A site that meets all priority 1 requirements is given a conformance level of A, priority 2 = AA, priority 3 = AAA.  You’ll see some sites reporting this conformance level.

What guidelines do you need to meet?

Only government sites, or government sanctioned/supported sites may have mandated conformance requirements.  This is particularly the case in the US where federal laws determine the levels of accessibility to be supported.

For the rest of us the choice is private.  Grade A (meeting all level 1 items) can be considered the de-facto standard for any site, irrespective of audience or content.  It includes such straightforward requirements as providing ALT descriptions for all images (so text readers can describe them) and generally using HTML (and particularly CSS) correctly so different presentations can be created easily.

There is considerable work involved in conforming with the higher accessibility grades, particularly if reworking an existing site or content.   We may therefore choose only to go those levels if our particular audience requires it, or if particular elements in our site require it (eg online policies for disabled access would attract more users with accessibility issues and thus warrant higher conformance levels).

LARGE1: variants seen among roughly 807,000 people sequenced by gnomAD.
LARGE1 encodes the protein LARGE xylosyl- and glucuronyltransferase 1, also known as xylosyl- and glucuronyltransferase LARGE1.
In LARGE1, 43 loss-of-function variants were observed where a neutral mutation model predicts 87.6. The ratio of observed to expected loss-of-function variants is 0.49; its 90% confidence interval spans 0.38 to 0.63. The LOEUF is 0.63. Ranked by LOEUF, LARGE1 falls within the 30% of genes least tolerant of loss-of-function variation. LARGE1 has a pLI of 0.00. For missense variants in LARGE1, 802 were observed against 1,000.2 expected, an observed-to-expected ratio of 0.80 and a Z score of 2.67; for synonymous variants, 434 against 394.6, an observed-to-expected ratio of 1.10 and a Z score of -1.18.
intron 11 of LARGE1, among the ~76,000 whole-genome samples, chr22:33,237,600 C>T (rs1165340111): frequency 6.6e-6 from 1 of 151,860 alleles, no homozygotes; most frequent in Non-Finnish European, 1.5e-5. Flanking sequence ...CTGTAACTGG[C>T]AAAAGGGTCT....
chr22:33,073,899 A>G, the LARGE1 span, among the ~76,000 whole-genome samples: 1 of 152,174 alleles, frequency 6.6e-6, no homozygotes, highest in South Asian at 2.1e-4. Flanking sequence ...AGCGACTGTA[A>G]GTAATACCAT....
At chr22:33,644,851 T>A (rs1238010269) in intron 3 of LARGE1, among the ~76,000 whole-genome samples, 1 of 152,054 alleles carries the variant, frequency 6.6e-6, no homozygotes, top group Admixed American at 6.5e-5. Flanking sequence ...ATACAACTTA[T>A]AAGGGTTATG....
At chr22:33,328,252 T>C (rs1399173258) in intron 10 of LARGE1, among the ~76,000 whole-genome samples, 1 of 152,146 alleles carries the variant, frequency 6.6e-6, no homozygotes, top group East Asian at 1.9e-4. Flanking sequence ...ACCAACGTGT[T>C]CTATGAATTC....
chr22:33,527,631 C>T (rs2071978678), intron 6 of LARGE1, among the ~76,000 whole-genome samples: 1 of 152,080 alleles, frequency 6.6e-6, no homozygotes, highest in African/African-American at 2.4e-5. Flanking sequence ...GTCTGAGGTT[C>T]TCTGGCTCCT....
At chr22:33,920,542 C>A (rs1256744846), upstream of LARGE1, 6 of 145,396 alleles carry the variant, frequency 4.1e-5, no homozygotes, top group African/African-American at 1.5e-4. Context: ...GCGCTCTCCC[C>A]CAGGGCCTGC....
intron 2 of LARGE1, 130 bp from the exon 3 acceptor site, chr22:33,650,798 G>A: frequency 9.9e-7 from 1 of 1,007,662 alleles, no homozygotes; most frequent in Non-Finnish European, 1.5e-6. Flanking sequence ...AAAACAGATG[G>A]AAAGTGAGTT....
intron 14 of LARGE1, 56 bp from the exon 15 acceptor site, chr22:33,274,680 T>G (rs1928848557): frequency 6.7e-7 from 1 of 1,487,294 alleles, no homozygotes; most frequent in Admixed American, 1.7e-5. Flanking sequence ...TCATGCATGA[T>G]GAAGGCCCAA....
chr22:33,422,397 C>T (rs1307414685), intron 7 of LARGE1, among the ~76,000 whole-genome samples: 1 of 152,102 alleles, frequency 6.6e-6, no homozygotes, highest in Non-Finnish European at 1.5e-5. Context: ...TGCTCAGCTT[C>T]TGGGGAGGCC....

Testing compliance

The first step in considering accessibility is reviewing the guidelines and conducting a code review (and/or developing a coding standard depending on project status) which encompasses the core elements.

There are several online tools or services available to allow published sites to be tested easily (and regularly – important if content is changing).  The UK’s Royal Institute for the Blind maintains a comprehensive list of such testing services.  One of the most famous/useful testing sites was Bobby.  Unfortunately this appears unavailable at present.

Accessibility and SharePoint

SharePoint can be configured/developed to provide compliance with several accessibility guidelines.  And for sites requiring a higher level of conformance there is a downloadable Accessibility Kit for Microsoft Office SharePoint Server 2007.  This Sharepoint team post on accessibility explains approaches using both standard SharePoint and the accessibility kit.

Conclusion

As any other core business system, an intranet needs to comply with the firm’s directives for supporting staff with disabilities.  The W3C guidelines provide a clear and comprehensive method for assessing, ensuring and displaying that support.

iPonder

My iPod (and other items?) automatically adjusts for an initial “The” when sorting artist names. Rather than grouping all such bands under “T” it ignores “The” and puts in the appropriate place in the list. Eg “The White Stripes” appear with “Wolf Parade” not “TISM”.

Point to ponder is what happens to the songs by the olde British band The The? Where to go to look for them?